What’s weird was that until 2011, S. eubayanus had never yet been found in the wild. When you compare that to S. cerevisae, it’s odd: S. cerevisae is everywhere—even on your skin, in the air in your home, on the skins of fruit, and so on. So when S. eubayanus was found in the Patagonian rainforest, it caused quite an uproar in the beer world. That said, people did wonder how in the hell S. eubayanus could have gotten from Patagonian forests all the way to Bavaria.
Well, since then—back in 2014—it seems researchers found strains of S. eubayanus in Asia—specifically on the Tibetan plateau (like Patagonia, a high-elevation, chilly place) and they’re claiming genetic analysis shows a closer relation to the archaic strain of S. eubyanaus that would have contributed to the S. pastorianus genome. (Here’s a link to the PDF for the paper reporting the find.)
That means Europeans may have gotten lager yeast not from South America, but via the Silk Road… maybe. Who knows whether some strain of S. eubayanus will get found somewhere further West sometime soon? Anything’s possible, it seems… which makes for exciting times, whether you’re a beer-history nut or a beer science geek, or even just an interested onlooker.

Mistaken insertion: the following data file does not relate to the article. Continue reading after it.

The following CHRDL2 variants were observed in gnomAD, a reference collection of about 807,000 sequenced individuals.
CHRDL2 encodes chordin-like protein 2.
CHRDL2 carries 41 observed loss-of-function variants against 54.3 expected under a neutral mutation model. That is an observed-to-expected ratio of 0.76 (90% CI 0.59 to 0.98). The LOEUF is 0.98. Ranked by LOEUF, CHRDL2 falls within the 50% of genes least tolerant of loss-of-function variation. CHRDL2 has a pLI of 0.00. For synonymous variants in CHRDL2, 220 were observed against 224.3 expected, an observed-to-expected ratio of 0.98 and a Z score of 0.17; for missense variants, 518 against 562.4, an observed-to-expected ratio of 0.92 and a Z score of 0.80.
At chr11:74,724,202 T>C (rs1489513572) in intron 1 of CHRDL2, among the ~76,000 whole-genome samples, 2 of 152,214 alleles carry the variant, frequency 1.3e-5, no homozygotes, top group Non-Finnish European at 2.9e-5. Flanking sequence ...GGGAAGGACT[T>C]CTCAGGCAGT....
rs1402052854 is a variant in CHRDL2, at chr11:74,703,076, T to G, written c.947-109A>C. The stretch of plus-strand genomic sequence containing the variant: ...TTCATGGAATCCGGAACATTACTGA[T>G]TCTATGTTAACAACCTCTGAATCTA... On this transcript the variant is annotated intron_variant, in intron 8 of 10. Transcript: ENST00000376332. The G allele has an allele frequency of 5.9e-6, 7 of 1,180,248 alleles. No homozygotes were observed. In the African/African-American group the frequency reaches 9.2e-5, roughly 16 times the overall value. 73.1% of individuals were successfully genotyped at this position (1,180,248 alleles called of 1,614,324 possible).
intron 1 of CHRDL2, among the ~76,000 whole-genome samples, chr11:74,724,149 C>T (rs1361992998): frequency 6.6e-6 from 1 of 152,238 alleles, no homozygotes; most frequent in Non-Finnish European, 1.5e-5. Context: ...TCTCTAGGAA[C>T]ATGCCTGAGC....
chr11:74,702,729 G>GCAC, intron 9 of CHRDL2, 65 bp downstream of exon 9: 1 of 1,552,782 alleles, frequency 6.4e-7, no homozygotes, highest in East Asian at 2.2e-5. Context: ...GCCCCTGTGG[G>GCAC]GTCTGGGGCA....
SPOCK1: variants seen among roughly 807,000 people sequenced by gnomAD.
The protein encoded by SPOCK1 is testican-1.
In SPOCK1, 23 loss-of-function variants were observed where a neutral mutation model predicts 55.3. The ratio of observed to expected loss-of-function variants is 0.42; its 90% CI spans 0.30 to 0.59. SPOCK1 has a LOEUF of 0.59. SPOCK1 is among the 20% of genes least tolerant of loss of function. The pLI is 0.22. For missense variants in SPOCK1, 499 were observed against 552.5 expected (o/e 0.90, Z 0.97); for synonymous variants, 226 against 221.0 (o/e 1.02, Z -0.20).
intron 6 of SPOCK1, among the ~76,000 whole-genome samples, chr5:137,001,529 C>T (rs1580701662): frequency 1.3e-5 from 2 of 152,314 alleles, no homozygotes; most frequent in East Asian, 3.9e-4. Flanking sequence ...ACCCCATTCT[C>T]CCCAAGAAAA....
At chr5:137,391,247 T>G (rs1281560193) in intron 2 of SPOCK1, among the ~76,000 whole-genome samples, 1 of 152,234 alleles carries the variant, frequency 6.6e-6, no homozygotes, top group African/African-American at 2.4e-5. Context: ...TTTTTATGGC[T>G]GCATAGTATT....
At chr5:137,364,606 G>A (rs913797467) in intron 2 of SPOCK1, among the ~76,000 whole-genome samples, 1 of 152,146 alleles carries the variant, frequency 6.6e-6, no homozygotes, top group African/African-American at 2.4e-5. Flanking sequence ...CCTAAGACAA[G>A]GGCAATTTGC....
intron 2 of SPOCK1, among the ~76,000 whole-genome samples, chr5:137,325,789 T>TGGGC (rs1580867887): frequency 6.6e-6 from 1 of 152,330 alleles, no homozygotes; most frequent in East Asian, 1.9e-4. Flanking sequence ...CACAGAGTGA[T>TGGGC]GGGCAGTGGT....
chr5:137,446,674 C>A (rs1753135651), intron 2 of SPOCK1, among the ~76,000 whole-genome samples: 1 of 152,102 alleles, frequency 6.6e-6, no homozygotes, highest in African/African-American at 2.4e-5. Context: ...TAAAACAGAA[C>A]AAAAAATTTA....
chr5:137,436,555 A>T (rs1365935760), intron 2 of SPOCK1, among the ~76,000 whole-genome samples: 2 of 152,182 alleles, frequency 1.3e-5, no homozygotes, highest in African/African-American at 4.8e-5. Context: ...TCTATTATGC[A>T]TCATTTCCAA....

What’s strange is how little press the second find got. Everyone was excited about the Patagonia find; the one in Tibet, not so much. Or maybe I just missed it, I don’t know. In any case, this was excuse enough to update my essay “Imaginary Beers & Boozes: A Primer for the SFF Writer.”
“Lagering” is a period of extended cold storage necessary for beers fermented with S. pastorianus; it allows the yeast to finish its fermentation and metabolize byproducts of fermentation; with top-fermenting yeasts working warmer temperatures, this stage isn’t necessary, but the characteristics of those yeasts are more noticeable in the final product, where “lagers” feature less yeast character and, I’d say, more transparently feature the character of the malts and hops used.)↩